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Phishing scam: fraudsters are now recording your phone calls
Published 1 April 2016 by Kyri Levendi
Fraudsters have taken phishing to another level by recording your phone calls.
Phishing is a common technique used by fraudsters to try to trick victims in some way. It involves contacting people via text message, email or letter to get them to click on a link, open an attachment or part with money. One common form of phishing sees scammers pretending to be from their victim’s bank and asking them to get in touch using the number provided.
Up until now, the next part of this scam has been relatively straightforward. The unsuspecting victim gets put through to a fraudster and in thinking they’re speaking to their bank, gives out their banking details. But the latest version of this phishing scam shows that conmen have taken things to another level and are now recording your phone conversations instead.
Just as we’ve seen before, this scam starts in the same way as many others with a fraudster getting in contact by text, letter or email. They pretend to be from the victim’s bank and request that they get in touch via the telephone number provided.
When the victim phones the number they’ve been given, the conmen then redirect them to their actual bank. While this is happening, the fraudsters record the call being made and listen to the conversation that takes placing. This allows them to hear and make note of the victim’s personal details and security answers.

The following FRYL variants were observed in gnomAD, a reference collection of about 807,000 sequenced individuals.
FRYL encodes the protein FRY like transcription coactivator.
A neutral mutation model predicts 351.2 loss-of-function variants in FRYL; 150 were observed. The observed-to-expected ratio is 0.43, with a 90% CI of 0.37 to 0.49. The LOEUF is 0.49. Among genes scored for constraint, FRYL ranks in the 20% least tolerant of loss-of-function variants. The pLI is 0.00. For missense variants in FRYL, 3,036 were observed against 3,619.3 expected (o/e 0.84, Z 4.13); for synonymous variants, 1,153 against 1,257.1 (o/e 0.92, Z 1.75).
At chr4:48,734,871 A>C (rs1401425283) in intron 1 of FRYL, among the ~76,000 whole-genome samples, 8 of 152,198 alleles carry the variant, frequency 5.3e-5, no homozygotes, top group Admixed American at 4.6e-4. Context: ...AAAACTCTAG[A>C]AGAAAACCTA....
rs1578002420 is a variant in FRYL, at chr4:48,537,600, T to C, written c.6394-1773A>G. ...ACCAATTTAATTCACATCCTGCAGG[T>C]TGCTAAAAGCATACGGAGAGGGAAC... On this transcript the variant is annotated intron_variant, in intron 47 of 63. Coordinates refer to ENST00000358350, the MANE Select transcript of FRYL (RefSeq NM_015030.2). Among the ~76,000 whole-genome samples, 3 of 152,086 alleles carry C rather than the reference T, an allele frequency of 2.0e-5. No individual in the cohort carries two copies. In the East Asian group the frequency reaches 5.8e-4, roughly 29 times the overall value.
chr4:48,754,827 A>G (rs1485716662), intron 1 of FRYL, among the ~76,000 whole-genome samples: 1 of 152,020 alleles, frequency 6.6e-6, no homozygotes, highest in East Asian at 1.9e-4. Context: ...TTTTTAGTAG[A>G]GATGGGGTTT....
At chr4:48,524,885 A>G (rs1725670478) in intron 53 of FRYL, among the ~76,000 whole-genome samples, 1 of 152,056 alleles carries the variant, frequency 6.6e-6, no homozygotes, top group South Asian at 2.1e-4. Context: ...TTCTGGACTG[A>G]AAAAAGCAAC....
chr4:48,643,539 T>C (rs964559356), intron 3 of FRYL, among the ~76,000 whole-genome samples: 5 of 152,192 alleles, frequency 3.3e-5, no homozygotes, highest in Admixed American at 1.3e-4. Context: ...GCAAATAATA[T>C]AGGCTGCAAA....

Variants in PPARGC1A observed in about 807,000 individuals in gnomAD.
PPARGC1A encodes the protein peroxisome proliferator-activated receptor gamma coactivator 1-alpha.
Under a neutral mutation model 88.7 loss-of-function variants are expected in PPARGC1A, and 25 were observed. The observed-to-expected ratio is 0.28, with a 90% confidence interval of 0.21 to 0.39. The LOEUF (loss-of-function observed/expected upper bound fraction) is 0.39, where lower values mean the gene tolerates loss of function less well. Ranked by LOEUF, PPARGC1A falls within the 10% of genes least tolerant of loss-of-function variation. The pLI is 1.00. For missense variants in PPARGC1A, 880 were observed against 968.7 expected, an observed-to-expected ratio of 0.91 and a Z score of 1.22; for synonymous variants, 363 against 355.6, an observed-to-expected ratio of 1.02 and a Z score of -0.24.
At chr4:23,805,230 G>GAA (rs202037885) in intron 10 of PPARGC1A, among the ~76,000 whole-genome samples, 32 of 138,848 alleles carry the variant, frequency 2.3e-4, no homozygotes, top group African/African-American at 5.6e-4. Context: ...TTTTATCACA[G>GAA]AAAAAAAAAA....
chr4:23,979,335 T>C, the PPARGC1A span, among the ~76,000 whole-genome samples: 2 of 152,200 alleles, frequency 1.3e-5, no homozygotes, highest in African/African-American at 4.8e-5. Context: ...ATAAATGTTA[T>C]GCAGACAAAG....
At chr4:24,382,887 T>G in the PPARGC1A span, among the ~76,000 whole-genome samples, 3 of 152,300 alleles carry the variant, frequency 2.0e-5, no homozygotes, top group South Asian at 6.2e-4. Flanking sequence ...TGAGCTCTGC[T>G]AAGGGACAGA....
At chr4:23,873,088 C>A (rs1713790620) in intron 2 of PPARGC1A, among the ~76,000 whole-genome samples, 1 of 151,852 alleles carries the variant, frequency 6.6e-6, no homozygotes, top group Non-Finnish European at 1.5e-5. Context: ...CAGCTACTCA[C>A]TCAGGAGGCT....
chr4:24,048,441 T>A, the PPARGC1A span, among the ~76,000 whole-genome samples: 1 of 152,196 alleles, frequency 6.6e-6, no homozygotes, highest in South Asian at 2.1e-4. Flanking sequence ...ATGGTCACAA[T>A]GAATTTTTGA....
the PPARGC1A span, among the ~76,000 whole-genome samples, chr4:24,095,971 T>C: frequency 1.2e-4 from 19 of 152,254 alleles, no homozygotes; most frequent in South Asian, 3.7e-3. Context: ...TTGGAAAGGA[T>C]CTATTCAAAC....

This information is then used by the scammer to phone the bank back later on. They pretend to be the customer and arrange for a range of payments to be made from the account. In another form of the scam, a victim was contacted directly by the conmen who pretended to be from the bank and requested further details so that they could valid further transactions.
Don’t fall for it
In recent months, Action Fraud has reported a large increase in cases of this scam. Make sure you’re not the next victim of a scam like this by following these tips.
• Never give out personal or financial details to someone calling out of the blue.
• When speaking to your bank, ask for confirmation of any possible communication that was sent to you, before you give out any of your personal details.
• Always call your bank on a trusted number. This could be found on their website or any communication you’ve previously been sent that you know to be genuine, e.g. your bank statement.
• If you’re suspicious of any text, letter or email that you’re sent, you can go into a branch (if you have one nearby) to check its authenticity.
Here at thinkmoney, we’ll always keep you in the loop about any changes made to your account. That’s why we’ll text you to update you of certain changes to your account, for example when a cheque has cleared or when your income has been paid into your account.
If you’re ever unsure of a text message that you receive from us, the best thing to do is get in contact with one of our Money Managers on 0161 779 5000 before you respond. They will be able to let you know whether we did actually send it and if there’s anything you need to do next.